In any case, I think I may have misinterpreted the post and whom it was adressed to (in which case, please ignore the following), but I'll keep it just in case:

"What "crap"? Successful, effective programs are crap?
What do you mean "Kids who won't judge"? Who's judging anybody? Is it being judgemental to simply say that female sterilization won't work? How is that judging anyone?

Africa is not a monolithic entity, or a single country, neither are the programs solely run on donations, in fact it is Western industry that benefits.
Under George W. Bush the religious right's ideology influenced much of the donations to certain NGOs, especially in Uganda. This often came with ideological strings attached - for example, no organization that supported decriminilized prostitution (a vital link in infection chains) could be funded.
So, yes, in some regions donations were a main player, and their effects are still debated.
So sure, the general taxpayer in the West should be able to choose whether to support HIV/Aids programs or not. Many people and organizations who understand the complex global issues will continue their support.
It's OK to be isolationists - unfortunately disease is never isolationalist.
But we have drugs from countries like Brazil and India, and the most affected country (SA) is struggling in many ways, but it is not the poorest country in Africa, so yeah, do meddle less and fund or sterilize your own kids."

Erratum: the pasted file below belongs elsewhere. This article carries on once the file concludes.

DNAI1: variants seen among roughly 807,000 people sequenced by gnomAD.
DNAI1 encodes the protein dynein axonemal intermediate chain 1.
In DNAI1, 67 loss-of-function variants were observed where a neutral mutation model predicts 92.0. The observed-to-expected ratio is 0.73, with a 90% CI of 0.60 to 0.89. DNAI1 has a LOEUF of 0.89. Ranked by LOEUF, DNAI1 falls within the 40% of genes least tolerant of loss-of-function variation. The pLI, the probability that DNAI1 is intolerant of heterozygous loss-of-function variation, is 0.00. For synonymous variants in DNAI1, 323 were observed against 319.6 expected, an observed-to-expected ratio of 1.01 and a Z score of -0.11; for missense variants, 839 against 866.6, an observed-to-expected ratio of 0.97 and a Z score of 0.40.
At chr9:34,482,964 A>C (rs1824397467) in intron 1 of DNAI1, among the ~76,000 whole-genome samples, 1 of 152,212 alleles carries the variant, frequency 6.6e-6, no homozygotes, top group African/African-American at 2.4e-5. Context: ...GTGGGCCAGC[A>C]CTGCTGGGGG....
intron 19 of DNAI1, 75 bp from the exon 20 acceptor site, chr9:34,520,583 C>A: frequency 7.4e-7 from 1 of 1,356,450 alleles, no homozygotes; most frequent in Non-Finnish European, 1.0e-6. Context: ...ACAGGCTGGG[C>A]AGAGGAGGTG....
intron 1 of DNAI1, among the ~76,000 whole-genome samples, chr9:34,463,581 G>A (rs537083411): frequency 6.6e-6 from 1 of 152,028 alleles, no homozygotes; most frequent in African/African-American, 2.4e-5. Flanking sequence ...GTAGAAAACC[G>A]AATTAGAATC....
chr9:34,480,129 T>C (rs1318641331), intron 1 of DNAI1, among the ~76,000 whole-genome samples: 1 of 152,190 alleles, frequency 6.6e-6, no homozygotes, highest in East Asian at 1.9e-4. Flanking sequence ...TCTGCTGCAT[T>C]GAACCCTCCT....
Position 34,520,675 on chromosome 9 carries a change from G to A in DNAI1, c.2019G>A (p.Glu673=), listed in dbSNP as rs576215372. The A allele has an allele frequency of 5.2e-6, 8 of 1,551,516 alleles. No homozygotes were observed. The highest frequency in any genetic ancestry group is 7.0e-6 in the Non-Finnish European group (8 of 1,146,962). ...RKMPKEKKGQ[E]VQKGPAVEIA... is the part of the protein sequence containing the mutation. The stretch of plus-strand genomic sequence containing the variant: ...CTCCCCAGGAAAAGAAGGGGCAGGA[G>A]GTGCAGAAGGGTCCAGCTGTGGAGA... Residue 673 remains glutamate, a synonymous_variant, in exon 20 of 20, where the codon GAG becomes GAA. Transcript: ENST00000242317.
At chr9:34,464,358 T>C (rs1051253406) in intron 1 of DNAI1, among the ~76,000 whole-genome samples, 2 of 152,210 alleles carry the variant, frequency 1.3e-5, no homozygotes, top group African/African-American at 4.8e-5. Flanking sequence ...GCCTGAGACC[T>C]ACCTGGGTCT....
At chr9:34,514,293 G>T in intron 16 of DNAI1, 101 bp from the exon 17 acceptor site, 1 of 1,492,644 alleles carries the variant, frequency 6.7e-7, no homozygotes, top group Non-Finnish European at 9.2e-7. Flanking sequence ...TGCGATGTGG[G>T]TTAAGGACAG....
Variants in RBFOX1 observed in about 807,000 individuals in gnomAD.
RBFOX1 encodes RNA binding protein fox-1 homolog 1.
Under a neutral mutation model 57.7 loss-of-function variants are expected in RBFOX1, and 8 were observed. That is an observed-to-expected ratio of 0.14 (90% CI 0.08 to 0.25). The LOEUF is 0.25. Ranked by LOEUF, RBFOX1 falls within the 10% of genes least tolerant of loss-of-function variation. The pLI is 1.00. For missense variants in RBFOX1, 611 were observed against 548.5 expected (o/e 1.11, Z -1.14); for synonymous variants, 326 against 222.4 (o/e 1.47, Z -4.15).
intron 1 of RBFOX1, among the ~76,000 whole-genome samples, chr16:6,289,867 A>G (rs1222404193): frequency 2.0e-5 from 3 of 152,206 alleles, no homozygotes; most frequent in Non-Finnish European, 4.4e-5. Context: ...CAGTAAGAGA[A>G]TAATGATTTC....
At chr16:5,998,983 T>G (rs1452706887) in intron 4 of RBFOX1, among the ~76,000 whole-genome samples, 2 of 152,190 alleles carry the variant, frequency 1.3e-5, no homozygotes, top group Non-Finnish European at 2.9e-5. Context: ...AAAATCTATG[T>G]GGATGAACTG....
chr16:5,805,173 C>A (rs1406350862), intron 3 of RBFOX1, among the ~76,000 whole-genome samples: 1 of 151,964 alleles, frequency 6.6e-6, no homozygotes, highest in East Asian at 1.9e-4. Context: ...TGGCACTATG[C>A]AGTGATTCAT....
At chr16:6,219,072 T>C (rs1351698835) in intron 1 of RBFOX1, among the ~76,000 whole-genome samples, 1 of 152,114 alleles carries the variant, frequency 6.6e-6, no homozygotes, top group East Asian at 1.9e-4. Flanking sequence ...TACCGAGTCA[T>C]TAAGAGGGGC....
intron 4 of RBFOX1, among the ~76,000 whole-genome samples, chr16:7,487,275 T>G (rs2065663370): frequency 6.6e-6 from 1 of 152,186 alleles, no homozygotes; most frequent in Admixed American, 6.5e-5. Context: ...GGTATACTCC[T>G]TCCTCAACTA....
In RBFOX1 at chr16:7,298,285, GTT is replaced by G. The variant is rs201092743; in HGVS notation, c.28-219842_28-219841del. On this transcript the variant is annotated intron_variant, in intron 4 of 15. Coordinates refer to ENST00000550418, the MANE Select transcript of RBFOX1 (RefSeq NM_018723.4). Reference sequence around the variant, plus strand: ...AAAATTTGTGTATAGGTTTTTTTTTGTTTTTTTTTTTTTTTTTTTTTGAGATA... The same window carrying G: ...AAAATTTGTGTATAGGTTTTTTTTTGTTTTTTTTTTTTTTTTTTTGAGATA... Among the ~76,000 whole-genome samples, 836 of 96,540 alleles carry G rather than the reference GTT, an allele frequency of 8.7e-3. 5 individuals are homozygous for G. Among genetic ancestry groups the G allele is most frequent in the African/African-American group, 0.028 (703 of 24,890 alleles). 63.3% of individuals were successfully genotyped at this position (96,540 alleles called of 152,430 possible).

[edit on 2-6-2010 by halfoldman]

posted on Jun, 2 2010 @ 10:37 PM
reply to post by halfoldman

No offense to your country, but I do truly fear that as a result of the World Cup this summer , there will be a global surge in various forms of communicable disease, like aggressive forms of TB.

In regards to the castration of men, i think this is a much better route to take to cut back on hiv transmission, especially since many men follow witch doctors advice who tell them to rape virgins, not to mention the regular raping of women in african countries.

SO yes for a much more effective measure it would be to castrate or cut off the men.

posted on Jun, 2 2010 @ 10:48 PM

Originally posted by halfoldman
The southern African countries (except Zimbabawe) are middle income countries and should be able to provide free ARVs.

I'd have to take a closer look at the economics of that.

Namibia isn't the poorest country but how much treatment they can afford depends on how much the drugs cost. They do have limited income and wealth.